The current divestment campaign against Israel is the newest twist in a history of old and ugly boycotts targeted at Israel and Jews. Such happenings on college campuses are particularly loathsome to those of us who maintain a nostalgic fondness for those years we learned logic, literature, and history in an atmosphere of intellectual freedom.
In our lifetimes, we saw the old anti-Jewish quotas on elite campuses dissolve along with requirements to take classes and exams on Saturday or Jewish holidays. Students became comfortable wearing kippot to class, and even demanded dispensation from campus housing rules to accommodate religious sensibilities.
Suddenly, Jewish students have to worry about violence and death threats. And instead of denouncing the action against Jews as another expression of the Muslim antipathy that produced September 11, it is disguised as a moral protest against the big bad Israelis. And those who protest the wave of economic Israel-bashing are suspect of prejudice against Muslims!
Most galling, as always, is the participation by some Jewish students and professors of the anti-Israel activities. Also worrisome is the passivity of most Jewish students who dismiss Middle East politics as a subject that does not relate to them. They are wrong.
Stephen Trachtenberg, president of George Washington University, quoted in the Chicago Tribune, put it best:, 'Those of us who are old enough to recall World War II know that it's better to get into a defensive mode sooner rather than later.' He was one of the principal organizers of a statement issued by more than 300 college and university presidents through the American Jewish Committee saying they feared that hostility against Israel threatened to erode the tradition of civil discourse upon which scholarship depends.
Anyone who has taken Poli Sci 101 should quickly dismiss the comparison of Israel with South Africa as absurd. Israel is the only democracy in the region. A vast majority of Israelis support giving the Palestinians their own land, and not because of their terror. Somehow, even though most of us Israelis hail from non-democratic countries, the commitment to one person, one vote runs deep here. This commitment to democracy that has made most Israelis, whatever their political leanings, internalize the need for territorial compromise despite a strongly felt attachment to the Biblical landmarks of Judea and Samaria.
This conflict is not about settlements, and occupation and checkposts.
The current violence started when the State of Israel was about to compromise on settlements, end what remained of the occupation, and dismantle the checkposts. The conflict is really about the old argument over the homeland of the Jewish people, and boycotts go beyond any attitude about Israel to feelings about the Jewish people. Those of our brethren who feel compelled to bend over backwards to support the current venomous Palestinian attempts to divest universities from companies better watch their own backs. Anti-Israel boycotts have a nasty way of sliding over into anti-Jewish boycotts.
Just visit the Web sites of the anti-Israel boycott people to sample the flavor of their accusations. (Not advised for those with high blood pressure.) Most of companies listed for boycott are mainstream American businesses owned or directed by Jewish Americans.
Some of those have little more than token linkages to Israel activities.
More important, they own stores with outlets all over the United States.
Estee Lauder is on the boycott list because chairperson Ronald Lauder is president of the Jewish National Fund, whose main function 'is to legitimize Israeli occupation of Palestine.' But Disney is a target because it is 'owned' by 'Jewish Mogul Michael Eisner.'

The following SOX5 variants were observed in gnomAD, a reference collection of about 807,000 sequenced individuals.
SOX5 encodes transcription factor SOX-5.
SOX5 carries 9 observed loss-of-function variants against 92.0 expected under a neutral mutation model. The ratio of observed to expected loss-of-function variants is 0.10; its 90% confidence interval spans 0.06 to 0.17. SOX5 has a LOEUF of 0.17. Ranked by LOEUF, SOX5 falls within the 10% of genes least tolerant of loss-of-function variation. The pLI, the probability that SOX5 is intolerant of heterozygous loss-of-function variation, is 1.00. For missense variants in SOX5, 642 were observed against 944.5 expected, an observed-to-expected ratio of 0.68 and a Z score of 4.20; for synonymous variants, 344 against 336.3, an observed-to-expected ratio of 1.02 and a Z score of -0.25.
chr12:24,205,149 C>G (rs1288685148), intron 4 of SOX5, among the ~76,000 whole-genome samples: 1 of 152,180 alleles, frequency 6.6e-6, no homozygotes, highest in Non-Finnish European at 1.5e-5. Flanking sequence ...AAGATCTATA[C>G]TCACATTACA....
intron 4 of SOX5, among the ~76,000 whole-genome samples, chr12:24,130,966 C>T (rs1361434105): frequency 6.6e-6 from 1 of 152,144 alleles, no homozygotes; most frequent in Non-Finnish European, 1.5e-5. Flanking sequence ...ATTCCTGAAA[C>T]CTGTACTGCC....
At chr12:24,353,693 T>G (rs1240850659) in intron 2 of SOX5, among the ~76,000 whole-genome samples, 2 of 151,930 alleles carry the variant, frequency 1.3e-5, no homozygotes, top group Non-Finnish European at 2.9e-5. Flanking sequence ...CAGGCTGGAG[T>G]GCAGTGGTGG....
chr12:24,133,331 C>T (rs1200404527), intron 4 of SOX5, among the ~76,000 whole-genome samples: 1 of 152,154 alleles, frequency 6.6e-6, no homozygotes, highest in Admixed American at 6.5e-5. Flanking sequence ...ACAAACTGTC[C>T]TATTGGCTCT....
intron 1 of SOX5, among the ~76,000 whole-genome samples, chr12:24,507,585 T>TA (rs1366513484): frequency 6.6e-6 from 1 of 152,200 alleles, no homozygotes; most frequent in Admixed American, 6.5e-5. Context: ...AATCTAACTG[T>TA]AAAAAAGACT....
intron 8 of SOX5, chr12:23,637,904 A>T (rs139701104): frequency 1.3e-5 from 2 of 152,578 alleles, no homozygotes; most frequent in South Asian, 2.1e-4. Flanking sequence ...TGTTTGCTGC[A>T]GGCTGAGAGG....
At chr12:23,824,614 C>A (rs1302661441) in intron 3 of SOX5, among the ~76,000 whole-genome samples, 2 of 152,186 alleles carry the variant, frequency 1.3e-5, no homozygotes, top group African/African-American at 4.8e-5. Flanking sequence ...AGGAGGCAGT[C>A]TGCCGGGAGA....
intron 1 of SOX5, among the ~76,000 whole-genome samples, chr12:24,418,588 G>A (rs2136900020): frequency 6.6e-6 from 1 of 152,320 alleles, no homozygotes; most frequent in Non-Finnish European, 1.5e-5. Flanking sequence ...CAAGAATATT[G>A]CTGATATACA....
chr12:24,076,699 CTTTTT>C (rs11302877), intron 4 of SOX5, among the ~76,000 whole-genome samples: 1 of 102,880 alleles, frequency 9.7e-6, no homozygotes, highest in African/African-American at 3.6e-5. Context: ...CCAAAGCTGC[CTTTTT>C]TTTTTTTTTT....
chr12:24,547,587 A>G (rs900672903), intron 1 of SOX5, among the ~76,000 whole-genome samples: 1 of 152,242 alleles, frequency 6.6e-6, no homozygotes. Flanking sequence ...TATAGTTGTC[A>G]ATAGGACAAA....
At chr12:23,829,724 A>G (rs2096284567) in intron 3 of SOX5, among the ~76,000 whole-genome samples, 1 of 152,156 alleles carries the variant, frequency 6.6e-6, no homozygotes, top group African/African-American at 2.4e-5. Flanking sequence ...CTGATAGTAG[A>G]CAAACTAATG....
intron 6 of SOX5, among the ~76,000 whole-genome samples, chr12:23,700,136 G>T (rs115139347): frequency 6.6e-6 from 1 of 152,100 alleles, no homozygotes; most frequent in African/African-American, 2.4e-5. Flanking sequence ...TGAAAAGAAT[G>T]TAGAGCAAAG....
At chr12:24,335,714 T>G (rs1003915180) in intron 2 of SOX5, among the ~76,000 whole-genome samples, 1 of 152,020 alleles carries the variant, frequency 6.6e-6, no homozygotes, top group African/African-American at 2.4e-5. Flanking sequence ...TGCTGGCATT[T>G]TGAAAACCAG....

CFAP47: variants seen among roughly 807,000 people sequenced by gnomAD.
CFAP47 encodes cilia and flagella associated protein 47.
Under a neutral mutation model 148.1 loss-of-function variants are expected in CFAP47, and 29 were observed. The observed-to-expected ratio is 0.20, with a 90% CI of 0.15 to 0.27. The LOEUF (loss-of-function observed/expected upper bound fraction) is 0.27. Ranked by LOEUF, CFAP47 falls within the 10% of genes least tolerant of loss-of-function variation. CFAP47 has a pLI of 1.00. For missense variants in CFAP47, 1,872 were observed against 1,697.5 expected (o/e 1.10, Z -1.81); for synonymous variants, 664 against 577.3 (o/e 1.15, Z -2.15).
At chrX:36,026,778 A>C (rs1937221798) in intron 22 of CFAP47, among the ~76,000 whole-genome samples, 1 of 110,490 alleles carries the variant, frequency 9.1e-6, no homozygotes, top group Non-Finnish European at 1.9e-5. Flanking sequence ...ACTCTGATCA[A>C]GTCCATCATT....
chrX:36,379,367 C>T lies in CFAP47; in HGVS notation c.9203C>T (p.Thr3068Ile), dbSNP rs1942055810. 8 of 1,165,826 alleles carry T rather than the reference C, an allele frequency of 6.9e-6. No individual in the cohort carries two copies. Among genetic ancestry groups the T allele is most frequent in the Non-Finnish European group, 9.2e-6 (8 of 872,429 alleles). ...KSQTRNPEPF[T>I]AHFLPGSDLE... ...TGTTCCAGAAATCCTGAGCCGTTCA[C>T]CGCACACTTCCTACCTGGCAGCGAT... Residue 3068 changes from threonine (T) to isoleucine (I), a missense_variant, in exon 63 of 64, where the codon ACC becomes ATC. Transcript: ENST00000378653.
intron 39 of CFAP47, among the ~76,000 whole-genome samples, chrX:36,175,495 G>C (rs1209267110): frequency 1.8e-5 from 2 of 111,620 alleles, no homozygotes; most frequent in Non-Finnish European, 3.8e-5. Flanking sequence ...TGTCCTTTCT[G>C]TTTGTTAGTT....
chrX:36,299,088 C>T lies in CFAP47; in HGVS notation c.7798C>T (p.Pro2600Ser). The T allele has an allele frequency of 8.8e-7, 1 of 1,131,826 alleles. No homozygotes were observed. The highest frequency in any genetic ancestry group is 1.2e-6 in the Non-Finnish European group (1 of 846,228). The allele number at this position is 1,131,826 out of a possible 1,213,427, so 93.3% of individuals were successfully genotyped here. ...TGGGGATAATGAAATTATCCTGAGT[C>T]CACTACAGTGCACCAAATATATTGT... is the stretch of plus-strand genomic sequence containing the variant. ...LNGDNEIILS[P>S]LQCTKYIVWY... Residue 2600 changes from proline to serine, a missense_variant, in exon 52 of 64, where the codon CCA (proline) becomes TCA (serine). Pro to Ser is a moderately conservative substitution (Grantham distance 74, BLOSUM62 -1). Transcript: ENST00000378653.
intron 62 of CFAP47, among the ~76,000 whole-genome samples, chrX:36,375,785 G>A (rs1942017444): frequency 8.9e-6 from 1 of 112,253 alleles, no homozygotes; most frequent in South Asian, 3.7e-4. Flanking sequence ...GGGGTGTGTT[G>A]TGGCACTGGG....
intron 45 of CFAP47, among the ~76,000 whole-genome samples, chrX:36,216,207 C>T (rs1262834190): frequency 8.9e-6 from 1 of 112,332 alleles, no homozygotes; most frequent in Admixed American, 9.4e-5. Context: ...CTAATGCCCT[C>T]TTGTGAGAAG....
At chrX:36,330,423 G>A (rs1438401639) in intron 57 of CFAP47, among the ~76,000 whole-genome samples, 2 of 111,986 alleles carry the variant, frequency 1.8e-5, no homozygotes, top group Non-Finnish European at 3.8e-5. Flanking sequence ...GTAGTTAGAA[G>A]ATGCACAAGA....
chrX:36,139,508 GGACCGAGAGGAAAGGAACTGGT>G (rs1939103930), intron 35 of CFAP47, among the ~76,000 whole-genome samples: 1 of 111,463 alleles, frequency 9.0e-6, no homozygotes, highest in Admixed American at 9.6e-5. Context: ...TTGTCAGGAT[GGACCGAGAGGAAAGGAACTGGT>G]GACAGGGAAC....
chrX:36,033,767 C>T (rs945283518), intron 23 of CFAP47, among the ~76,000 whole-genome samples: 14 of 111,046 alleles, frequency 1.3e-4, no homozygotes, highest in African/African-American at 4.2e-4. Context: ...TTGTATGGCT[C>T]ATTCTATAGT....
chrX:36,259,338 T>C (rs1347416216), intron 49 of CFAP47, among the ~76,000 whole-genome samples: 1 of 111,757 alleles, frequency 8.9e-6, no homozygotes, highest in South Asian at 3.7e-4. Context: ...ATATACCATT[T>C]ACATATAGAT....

The recent establishment of the Campus Watch, a Web site to make known the anti-Israel proclamations on campuses has brought protests of McCarthyism among some. But no one at that Web site is urging a boycott of classes or campuses. The site just exposes the original speeches of campus personalities to a little light and air.
Don't potential students deserve to know the views of their teachers? A hundred or so other professors volunteered to be listed on the Web site as a protest against keeping records of what was being taught against Israel on campuses and as an expression of their solidarity with Palestinian self-determination. Many of the names are conspicuously Jewish.
The historians among them certainly know that anti-Jewish boycotts are not unknown in the United States, even before the establishment of the Zionist state. In Indiana of the 1920s, for instance, the women's division of the Klu Klux Klan boycotted Jewish businesses. Small businesses and department stores had to shut down.
Boycotts of Jewish enterprises should be an automatic red flag for Europeans. But the lessons of yesteryear have been forgotten. Foreign Minister Shimon Peres this week convinced European Union-Israel Association Council in Luxembourg not to tax Israeli products from Judea, Samaria and the Gaza Strip. The Council has postponed taxing salad greens from across the Green Line.
I am not saying that even countries with despicable Holocaust records are prohibited from ever criticizing Israeli policy. I am saying that they had better be particularly fastidious in checking their motives for urging economic hardships on the Jewish state.
We can do something about preparing our Jewish youth for the anti-Israel, anti-Jewish onslaught. On American campuses, praiseworthy efforts have been made by groups like Hillel and Aish HaTorah to address the inability of most American college students to answer the outrageous accusations of Israel's detractors. More of this needs to be done. And for those who plan the curriculum of American Jews in day schools and after school programs, a solid understanding of the history and complexity of Israel needs to be provided as a priority in the Jewish education system.